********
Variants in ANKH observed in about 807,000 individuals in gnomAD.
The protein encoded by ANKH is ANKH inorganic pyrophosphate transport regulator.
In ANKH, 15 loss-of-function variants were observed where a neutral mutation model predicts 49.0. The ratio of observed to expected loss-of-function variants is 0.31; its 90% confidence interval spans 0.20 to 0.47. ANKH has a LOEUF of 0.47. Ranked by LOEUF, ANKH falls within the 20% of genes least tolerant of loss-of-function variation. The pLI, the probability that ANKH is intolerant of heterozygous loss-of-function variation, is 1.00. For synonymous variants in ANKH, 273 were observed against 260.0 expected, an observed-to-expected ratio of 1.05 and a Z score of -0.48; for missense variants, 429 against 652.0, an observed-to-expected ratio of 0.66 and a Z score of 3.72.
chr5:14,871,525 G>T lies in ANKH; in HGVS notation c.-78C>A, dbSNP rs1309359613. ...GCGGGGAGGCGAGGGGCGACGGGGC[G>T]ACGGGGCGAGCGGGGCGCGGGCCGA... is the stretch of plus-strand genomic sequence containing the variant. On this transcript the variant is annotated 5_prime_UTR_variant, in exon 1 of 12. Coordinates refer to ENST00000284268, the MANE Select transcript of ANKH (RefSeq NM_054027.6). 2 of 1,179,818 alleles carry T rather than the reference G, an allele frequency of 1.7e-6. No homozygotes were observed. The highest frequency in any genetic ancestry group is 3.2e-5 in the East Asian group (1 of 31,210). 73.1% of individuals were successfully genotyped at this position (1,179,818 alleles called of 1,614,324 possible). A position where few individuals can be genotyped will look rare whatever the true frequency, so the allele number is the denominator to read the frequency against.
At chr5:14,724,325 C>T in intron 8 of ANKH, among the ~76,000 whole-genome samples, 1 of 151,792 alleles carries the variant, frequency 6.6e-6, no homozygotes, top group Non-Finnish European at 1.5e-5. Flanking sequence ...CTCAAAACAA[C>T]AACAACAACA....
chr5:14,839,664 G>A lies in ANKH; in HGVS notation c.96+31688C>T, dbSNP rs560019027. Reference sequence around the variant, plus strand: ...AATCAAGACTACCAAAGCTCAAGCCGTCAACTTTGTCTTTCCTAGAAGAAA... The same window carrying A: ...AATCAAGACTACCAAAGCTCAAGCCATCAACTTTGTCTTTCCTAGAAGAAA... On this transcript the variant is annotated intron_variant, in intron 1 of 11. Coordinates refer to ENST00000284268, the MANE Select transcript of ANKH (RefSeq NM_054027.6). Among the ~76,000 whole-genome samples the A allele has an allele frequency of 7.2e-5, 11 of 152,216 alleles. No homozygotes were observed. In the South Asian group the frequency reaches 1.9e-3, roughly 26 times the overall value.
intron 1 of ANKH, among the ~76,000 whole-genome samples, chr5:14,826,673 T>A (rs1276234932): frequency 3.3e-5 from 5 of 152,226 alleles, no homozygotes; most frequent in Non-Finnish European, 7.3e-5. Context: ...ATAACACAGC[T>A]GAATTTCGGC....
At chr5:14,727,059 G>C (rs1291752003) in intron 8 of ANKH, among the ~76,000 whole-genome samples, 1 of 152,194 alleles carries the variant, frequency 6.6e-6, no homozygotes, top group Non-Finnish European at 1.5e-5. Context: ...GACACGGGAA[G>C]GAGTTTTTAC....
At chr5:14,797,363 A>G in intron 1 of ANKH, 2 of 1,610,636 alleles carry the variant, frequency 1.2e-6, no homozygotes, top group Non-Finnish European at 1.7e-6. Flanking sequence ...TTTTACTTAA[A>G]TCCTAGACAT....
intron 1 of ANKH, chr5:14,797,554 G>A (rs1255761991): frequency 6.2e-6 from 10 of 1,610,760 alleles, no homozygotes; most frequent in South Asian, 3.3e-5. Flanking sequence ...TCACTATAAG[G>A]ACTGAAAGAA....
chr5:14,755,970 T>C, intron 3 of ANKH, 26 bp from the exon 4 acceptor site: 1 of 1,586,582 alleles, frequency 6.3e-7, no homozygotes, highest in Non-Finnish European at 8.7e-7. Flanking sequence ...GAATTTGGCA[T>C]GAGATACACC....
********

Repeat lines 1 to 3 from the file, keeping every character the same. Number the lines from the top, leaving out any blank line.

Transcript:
Variants in ANKH observed in about 807,000 individuals in gnomAD.
The protein encoded by ANKH is ANKH inorganic pyrophosphate transport regulator.
In ANKH, 15 loss-of-function variants were observed where a neutral mutation model predicts 49.0. The ratio of observed to expected loss-of-function variants is 0.31; its 90% confidence interval spans 0.20 to 0.47. ANKH has a LOEUF of 0.47. Ranked by LOEUF, ANKH falls within the 20% of genes least tolerant of loss-of-function variation. The pLI, the probability that ANKH is intolerant of heterozygous loss-of-function variation, is 1.00. For synonymous variants in ANKH, 273 were observed against 260.0 expected, an observed-to-expected ratio of 1.05 and a Z score of -0.48; for missense variants, 429 against 652.0, an observed-to-expected ratio of 0.66 and a Z score of 3.72.